He never went to college. But there's no arguing he knows a bit about education. And Michael Clifford, Chairman of SignificantFederation, has found himself comfortably sitting in the middle of the conversation about what is best for the future of higher education. The debate, however, has often been considerably less than collegial.
Change can make the old school uncomfortable.
There is money in education, even for non-profit institutions. But for-profit and online universities have begun to proliferate across the American landscape, and the Internet. They prompt questions that challenge traditional thinking about public institutions like state universities, community colleges, and even private colleges. Analysts often suggest that profit margins, essential to please shareholders, will force a cost cutting that affects quality but increases revenue. Almost everyone, however, acknowledges the old models are no longer adequate to meet educational demands.
But Michael Clifford is optimistic about a transition that he is helping to facilitate.
"The future of higher education in America is very positive," Clifford said. "Because there is a generation currently under 35 years old that understands innovation, especially in technology, with a true passion of reaching the world with high quality academic opportunities."
Michael K. Clifford's expertise is on his resume, and the NYSE for public scrutiny. He was instrumental in the creation of Grand Canyon University (GCU), the Jack Welch Management Institute, Ken Blanchard College of Business, Forbes Business School, and the predecessor company that became Bridgepoint Education.
From a business standpoint, whatever Clifford is doing, ultimately, appears to work. Wall Street investors made the IPO for GCU (just four years after his investment group recreated it) the most successful of 2008, and the school became the first regionally accredited university in American history to convert from non-profit to for-profit.
"I help create the strategy, but the CEO's and their management teams make it happen," said Clifford. "I have had many more failures than successes. It is OK to fail with integrity, but one must keep moving forward."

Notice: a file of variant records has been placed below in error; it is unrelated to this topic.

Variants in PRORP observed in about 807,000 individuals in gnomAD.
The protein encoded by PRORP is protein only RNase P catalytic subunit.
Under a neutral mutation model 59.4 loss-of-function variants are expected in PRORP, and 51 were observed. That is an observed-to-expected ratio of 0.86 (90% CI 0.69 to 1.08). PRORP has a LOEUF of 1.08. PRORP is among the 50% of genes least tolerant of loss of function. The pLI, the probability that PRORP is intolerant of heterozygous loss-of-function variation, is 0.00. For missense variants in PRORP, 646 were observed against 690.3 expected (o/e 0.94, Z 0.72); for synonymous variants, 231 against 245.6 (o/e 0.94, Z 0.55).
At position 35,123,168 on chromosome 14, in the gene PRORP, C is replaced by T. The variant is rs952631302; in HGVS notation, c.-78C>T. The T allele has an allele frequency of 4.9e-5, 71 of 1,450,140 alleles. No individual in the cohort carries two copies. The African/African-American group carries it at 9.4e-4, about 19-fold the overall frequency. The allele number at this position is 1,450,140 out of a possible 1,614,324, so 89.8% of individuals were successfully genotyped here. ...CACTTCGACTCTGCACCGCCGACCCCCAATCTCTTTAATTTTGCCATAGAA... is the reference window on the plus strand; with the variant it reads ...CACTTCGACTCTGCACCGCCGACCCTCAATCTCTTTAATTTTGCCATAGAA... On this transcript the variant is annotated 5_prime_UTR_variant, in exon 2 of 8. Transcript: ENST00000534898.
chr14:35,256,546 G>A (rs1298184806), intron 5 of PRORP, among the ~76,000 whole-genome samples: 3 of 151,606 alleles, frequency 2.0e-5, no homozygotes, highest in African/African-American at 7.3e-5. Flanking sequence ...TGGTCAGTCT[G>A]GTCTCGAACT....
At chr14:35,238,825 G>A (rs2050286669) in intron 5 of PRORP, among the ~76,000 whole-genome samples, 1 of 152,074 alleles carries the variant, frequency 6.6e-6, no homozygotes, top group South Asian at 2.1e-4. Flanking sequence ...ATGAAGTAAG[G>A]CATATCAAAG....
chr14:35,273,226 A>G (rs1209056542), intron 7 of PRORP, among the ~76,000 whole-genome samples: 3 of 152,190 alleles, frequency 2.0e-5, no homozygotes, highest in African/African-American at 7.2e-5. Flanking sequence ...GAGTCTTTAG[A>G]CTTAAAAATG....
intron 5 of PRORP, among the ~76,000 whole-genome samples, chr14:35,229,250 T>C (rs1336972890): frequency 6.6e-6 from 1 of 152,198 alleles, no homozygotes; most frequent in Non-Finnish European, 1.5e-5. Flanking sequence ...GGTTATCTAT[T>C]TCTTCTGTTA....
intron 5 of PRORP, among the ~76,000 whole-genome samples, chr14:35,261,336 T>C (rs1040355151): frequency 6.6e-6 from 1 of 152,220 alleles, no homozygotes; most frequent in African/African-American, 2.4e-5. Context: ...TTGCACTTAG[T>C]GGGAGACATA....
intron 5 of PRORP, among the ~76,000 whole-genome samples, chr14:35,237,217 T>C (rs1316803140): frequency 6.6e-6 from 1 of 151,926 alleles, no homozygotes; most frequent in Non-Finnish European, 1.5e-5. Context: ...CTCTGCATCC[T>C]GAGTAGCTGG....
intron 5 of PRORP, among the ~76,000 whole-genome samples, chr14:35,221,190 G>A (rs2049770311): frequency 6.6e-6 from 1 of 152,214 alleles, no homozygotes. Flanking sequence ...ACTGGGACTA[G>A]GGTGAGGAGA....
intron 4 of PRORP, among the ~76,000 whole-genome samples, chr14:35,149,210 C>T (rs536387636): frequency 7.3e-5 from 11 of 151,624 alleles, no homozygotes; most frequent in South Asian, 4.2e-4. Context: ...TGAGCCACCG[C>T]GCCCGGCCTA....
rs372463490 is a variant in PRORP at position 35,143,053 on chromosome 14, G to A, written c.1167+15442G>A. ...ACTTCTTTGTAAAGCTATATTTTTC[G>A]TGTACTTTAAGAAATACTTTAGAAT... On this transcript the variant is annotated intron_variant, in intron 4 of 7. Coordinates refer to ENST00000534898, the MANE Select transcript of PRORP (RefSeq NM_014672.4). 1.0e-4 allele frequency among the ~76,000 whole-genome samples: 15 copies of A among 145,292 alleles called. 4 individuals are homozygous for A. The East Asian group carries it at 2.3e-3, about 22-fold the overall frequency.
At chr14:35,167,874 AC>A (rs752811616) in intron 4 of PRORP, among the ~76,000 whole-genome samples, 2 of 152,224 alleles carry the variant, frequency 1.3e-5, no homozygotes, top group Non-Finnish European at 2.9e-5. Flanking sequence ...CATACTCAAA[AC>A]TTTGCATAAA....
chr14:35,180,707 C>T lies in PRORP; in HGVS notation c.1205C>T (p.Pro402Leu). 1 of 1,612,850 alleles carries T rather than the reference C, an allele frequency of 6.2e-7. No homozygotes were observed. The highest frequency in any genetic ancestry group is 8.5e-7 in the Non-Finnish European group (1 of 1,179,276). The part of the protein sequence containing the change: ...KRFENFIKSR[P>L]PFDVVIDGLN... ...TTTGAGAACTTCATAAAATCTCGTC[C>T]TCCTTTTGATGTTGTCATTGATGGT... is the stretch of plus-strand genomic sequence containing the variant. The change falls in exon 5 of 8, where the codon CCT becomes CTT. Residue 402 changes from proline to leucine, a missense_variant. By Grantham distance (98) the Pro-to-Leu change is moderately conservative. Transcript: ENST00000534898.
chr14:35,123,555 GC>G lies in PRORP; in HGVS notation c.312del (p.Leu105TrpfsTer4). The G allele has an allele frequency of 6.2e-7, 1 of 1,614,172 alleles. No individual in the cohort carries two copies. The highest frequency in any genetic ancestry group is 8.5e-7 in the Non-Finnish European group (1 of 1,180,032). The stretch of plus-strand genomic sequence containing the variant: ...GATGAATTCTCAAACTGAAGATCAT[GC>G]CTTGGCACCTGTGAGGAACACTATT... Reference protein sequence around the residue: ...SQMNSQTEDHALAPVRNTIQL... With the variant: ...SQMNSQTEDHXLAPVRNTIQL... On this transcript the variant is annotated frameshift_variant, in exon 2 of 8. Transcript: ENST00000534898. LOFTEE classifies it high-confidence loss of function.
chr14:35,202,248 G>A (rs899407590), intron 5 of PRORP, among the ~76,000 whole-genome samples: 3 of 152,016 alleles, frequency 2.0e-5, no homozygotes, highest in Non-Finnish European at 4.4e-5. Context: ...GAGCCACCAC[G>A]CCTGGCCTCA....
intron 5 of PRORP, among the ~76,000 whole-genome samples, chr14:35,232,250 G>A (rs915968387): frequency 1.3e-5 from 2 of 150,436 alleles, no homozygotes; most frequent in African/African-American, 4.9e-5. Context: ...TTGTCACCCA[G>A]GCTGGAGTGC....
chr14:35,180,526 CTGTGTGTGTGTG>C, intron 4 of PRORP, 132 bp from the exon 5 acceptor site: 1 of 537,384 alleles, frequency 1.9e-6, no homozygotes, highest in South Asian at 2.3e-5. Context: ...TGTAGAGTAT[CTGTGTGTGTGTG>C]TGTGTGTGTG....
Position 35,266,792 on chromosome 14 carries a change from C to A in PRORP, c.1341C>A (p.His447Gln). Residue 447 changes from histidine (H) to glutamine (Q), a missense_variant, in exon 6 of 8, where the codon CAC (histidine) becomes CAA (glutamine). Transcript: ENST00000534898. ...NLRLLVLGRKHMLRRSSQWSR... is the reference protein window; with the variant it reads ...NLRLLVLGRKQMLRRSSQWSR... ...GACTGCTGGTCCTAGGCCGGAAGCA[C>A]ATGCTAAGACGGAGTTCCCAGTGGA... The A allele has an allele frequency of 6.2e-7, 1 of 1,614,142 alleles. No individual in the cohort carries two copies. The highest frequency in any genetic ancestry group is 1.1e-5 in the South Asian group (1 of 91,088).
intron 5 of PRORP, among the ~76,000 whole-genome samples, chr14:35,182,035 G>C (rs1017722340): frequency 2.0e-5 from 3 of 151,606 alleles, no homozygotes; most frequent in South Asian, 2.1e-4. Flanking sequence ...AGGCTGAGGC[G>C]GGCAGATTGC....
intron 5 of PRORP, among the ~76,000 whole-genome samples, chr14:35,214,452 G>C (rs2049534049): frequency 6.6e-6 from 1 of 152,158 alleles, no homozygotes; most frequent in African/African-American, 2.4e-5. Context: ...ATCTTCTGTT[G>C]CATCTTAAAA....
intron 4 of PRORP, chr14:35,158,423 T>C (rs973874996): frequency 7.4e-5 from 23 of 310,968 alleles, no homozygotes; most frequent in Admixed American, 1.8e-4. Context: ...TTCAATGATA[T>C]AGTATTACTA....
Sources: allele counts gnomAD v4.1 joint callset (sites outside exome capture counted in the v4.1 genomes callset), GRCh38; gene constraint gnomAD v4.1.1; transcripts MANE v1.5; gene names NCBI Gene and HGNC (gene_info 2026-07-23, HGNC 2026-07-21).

Bridgepoint also went public a year later and has given investors a 60 percent return with a market cap of $900 million. Marketing materials claim a $10,000 investment at that time is now worth more than $1,000,000. GCU, which is just one of Clifford's visions of for profit institutions, has 10,000 students living on the 110 acre campus in Phoenix and a total of 50,000 are enrolled online. Clifford is unique as an investor because he originally owned one hundred percent of the start-up companies that experienced back to back major Wall Street IPOs. A man of deep and abiding faith, Clifford believes his achievements and his losses are provided for by his God.
And he has known mostly success.
For-profit and online education, however, are consistently under attack for costs and quality of education, and the inevitable question is whether a profit motive detracts from educational standards.
"Every industry has bad apples," Clifford said. "There are people in the for-profit industry that I personally would put in jail for deceiving students. But it is not American to apply regulations just for for-profit schools when many non-profit institutions have equal or more severe misconduct."
The federal government provides billions annually to non-profit public universities and the private for-profit institutions, overwhelmingly in the form of student loans. (The debt, once acquired, cannot be discharged by bankruptcy and has been characterized often as predatory lending by Washington.) Open enrollment means that the moment a student signs up for Grand Canyon University or any institution they are eligible to apply for Pell Grants and other government assistance. According to critics, those grants and loans and the profit motive are more important than the quality of education delivered online or on campus at a for profit university.
Iowa Senator Tom Harkin, who studied for-profits, issued a report condemning their business and the value of the education offered.